Bar a Vin.
(photo credit: Courtesy)
If you love wine and a relaxing, fun place to sip and catch up with friends, Bar a Vin is the place for you. Although the restaurant has been open for more than three years, it is still relatively unknown by a lot of people, so it still has that hidden-gem vibe to it.
It is situated on Tel Aviv’s bustling Rothschild Boulevard and is part of the French Institute building. There is seating inside, but the restaurant’s large outside area overlooking the boulevard is by far the favored spot. We had the pleasure of sitting at the bar.
The bartenders and servers all know their stuff and are extremely helpful and attentive. Dor, one of the bartenders, immediately picked up on our likes and dislikes regarding wine and made solid recommendations that improved our evening.
Chef Einav Azguri combines high culinary standards with hominess and authenticity. The menu, which features fish, seafood, meat and pasta dishes, is eclectic but with both a French and Mediterranean touch. It’s clear that careful thought is put into each dish to produce aesthetic, creative and delicious results.
We began our meal with two glasses of Bonnet-Huteau Muscadet. This is a fine example of top-quality French wine: fruity with vibrant acidity, clarity and precision – absolutely delicious.
To help absorb the alcohol, we dug into some hearty appetizers.
We began with one of the daily specials: buratta with figs and prosciutto. We savored the rich and creamy texture of the cheese, drizzled with some olive oil, and paired with the salty prosciutto and sweet figs.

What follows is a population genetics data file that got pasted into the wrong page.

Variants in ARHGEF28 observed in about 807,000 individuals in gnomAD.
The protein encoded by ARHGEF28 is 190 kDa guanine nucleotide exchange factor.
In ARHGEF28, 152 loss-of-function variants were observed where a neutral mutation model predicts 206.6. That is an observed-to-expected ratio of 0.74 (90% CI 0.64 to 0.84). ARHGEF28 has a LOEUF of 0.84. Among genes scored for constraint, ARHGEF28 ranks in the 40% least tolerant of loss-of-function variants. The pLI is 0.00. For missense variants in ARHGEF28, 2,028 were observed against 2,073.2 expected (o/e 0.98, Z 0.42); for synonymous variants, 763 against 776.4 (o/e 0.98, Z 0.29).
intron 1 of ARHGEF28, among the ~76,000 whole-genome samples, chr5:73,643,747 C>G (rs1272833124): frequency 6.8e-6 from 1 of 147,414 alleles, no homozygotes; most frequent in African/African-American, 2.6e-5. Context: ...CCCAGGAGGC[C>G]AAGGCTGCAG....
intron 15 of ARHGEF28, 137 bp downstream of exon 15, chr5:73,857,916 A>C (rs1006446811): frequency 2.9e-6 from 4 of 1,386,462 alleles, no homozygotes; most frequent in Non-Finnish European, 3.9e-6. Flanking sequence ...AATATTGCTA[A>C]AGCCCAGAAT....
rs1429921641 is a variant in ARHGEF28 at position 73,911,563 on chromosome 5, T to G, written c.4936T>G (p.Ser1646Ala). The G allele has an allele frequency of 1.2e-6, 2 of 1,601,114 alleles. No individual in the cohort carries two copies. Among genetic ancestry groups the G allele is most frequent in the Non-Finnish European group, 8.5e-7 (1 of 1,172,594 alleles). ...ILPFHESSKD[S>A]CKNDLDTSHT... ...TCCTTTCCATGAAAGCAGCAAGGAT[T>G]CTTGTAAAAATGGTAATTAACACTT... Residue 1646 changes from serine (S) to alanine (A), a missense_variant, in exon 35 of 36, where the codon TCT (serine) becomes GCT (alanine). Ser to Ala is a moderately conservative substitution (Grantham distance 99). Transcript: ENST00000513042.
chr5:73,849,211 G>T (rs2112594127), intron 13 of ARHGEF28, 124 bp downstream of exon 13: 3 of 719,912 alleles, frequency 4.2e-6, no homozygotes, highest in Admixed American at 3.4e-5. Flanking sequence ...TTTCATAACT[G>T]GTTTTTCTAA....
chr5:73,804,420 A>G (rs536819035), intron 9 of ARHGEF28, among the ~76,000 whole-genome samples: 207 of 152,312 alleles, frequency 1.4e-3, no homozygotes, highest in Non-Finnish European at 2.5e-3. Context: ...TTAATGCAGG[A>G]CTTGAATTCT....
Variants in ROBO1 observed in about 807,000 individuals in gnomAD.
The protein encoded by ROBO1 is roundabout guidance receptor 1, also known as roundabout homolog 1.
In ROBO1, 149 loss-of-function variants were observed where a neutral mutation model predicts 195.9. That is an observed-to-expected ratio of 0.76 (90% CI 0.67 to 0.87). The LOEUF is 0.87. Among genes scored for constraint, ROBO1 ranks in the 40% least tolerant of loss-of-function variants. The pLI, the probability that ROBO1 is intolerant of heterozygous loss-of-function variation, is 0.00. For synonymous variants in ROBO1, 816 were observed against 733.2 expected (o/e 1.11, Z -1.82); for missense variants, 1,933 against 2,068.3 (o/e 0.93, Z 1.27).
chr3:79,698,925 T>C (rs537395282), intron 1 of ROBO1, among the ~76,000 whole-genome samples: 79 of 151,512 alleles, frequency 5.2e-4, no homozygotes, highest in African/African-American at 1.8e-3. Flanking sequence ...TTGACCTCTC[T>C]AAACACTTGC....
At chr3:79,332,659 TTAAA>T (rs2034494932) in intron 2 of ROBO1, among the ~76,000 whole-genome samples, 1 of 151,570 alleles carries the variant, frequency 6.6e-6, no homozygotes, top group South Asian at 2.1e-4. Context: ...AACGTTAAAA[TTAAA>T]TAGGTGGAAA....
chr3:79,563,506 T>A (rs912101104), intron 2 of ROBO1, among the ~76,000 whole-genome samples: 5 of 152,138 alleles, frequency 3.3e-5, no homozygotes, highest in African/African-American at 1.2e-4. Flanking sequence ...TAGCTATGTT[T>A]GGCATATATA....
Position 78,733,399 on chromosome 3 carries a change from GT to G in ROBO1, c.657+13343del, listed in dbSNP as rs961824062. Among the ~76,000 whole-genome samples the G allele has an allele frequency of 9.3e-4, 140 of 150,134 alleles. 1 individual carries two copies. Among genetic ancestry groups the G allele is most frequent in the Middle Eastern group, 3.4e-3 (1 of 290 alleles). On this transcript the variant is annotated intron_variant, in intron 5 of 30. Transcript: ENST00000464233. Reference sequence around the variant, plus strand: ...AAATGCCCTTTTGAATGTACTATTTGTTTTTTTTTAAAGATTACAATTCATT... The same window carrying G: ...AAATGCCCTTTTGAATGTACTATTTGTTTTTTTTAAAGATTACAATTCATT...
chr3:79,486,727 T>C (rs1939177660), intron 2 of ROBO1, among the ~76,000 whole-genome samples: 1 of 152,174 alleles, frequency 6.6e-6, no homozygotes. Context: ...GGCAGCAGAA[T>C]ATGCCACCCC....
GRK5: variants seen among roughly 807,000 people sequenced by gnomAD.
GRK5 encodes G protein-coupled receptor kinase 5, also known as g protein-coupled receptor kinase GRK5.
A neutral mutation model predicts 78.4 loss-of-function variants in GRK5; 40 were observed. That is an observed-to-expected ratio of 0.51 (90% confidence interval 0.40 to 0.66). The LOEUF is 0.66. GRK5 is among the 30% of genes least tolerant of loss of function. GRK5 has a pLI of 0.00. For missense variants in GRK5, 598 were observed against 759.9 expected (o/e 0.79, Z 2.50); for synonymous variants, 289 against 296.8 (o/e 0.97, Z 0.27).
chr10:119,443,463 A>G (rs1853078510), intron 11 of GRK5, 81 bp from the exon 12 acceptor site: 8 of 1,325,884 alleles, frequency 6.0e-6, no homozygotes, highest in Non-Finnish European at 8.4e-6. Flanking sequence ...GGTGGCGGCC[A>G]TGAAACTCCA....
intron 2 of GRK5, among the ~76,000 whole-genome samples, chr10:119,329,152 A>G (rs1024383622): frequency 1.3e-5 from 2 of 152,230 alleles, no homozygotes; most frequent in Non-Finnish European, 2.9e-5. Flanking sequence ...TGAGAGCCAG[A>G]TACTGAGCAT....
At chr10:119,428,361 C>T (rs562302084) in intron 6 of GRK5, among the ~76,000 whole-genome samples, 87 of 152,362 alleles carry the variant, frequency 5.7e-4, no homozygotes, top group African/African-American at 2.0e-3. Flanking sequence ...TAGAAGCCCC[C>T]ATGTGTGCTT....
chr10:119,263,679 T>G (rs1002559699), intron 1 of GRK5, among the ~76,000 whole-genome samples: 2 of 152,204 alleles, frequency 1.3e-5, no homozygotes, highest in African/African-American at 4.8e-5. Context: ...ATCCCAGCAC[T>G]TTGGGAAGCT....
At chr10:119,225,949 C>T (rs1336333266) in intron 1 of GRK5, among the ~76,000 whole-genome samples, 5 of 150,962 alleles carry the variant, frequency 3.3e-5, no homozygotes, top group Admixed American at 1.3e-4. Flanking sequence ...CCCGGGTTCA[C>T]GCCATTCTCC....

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Next up was the beef tartare served in a brioche bun (NIS 43).
This was simple and yet also very tasty due to all of the different components. The beef tartare itself was lightly seasoned and cut into nice, tender pieces. The egg on top was perfectly poached. As we took delicate bites of the perfectly cured beef mixed with everything, I watched my companion’s eyes light up as she realized how delicious tartare could be.
This was followed by beef cheek croquettes, served with mustard and house pickles (NIS 37). If you’re concerned about carbs or cholesterol, skip these. But if you want a fantastic flavor combo, this is your dish. The croquettes had an almost mashed potato consistency, while the beef was juicy and tender. This was comfort food at its best.
In between, I tried a glass of Netiv Ofakim (NIS 51) from the Vortman Winery. I am a huge fan of Israeli blends, and Netiv is definitely one of the best, showing a velvety texture, flavors of dark fruit and spices, and a long finish.
For mains, we were presented with fillet of musar (meagre or stone bass in English) with horseradish crème fraiche and roasted tomatoes. The fish was seasoned beautifully and grilled to perfection, with crispy skin and delicate white flesh. This was a delicious dish with plenty of aromas and flavors that sat harmoniously on the palate.
Last but not least, we were treated to strips of sirloin (NIS 78) served with a side of French fries and tartar sauce. We were pleasantly surprised by the sirloin, which was a great piece of meat, generous in proportion, and the seasoning was just right and did not overpower the meat. Cutting into the steak was like slicing through a stick of butter. Needless to say, I ate my plate clean.
Then came dessert. It consisted of a devilishly decadent dark chocolate mousse. Our charming waiter suggested we try two glasses of Eau De Vie D’Etrog by the Julius Distillery. This sweet Israeli fruit brandy from the Western Galilee paired perfectly with our desserts and was a great finish to our meal.
Bar a Vin
Rothschild Blvd 7, Tel Aviv
The writer was a guest of the restaurant.
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